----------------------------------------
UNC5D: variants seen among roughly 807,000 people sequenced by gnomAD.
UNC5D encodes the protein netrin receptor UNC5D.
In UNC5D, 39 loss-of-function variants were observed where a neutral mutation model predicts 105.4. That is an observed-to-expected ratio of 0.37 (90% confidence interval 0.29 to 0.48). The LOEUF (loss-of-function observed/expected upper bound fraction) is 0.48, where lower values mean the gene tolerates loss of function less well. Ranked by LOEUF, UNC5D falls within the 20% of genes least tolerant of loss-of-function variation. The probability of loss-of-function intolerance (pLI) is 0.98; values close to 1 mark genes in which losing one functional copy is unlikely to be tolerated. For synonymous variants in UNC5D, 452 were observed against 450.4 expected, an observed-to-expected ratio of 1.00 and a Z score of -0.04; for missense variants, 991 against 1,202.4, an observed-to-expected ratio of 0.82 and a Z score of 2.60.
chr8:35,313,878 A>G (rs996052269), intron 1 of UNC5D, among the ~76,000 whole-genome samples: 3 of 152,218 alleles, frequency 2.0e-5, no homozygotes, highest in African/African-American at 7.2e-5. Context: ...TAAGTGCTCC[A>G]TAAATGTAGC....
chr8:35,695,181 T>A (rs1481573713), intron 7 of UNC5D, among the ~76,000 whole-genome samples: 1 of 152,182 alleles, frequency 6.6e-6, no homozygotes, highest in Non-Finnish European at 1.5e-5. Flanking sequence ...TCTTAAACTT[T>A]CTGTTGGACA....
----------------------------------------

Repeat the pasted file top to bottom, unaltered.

UNC5D: variants seen among roughly 807,000 people sequenced by gnomAD.
UNC5D encodes the protein netrin receptor UNC5D.
In UNC5D, 39 loss-of-function variants were observed where a neutral mutation model predicts 105.4. That is an observed-to-expected ratio of 0.37 (90% confidence interval 0.29 to 0.48). The LOEUF (loss-of-function observed/expected upper bound fraction) is 0.48, where lower values mean the gene tolerates loss of function less well. Ranked by LOEUF, UNC5D falls within the 20% of genes least tolerant of loss-of-function variation. The probability of loss-of-function intolerance (pLI) is 0.98; values close to 1 mark genes in which losing one functional copy is unlikely to be tolerated. For synonymous variants in UNC5D, 452 were observed against 450.4 expected, an observed-to-expected ratio of 1.00 and a Z score of -0.04; for missense variants, 991 against 1,202.4, an observed-to-expected ratio of 0.82 and a Z score of 2.60.
chr8:35,313,878 A>G (rs996052269), intron 1 of UNC5D, among the ~76,000 whole-genome samples: 3 of 152,218 alleles, frequency 2.0e-5, no homozygotes, highest in African/African-American at 7.2e-5. Context: ...TAAGTGCTCC[A>G]TAAATGTAGC....
chr8:35,695,181 T>A (rs1481573713), intron 7 of UNC5D, among the ~76,000 whole-genome samples: 1 of 152,182 alleles, frequency 6.6e-6, no homozygotes, highest in Non-Finnish European at 1.5e-5. Flanking sequence ...TCTTAAACTT[T>A]CTGTTGGACA....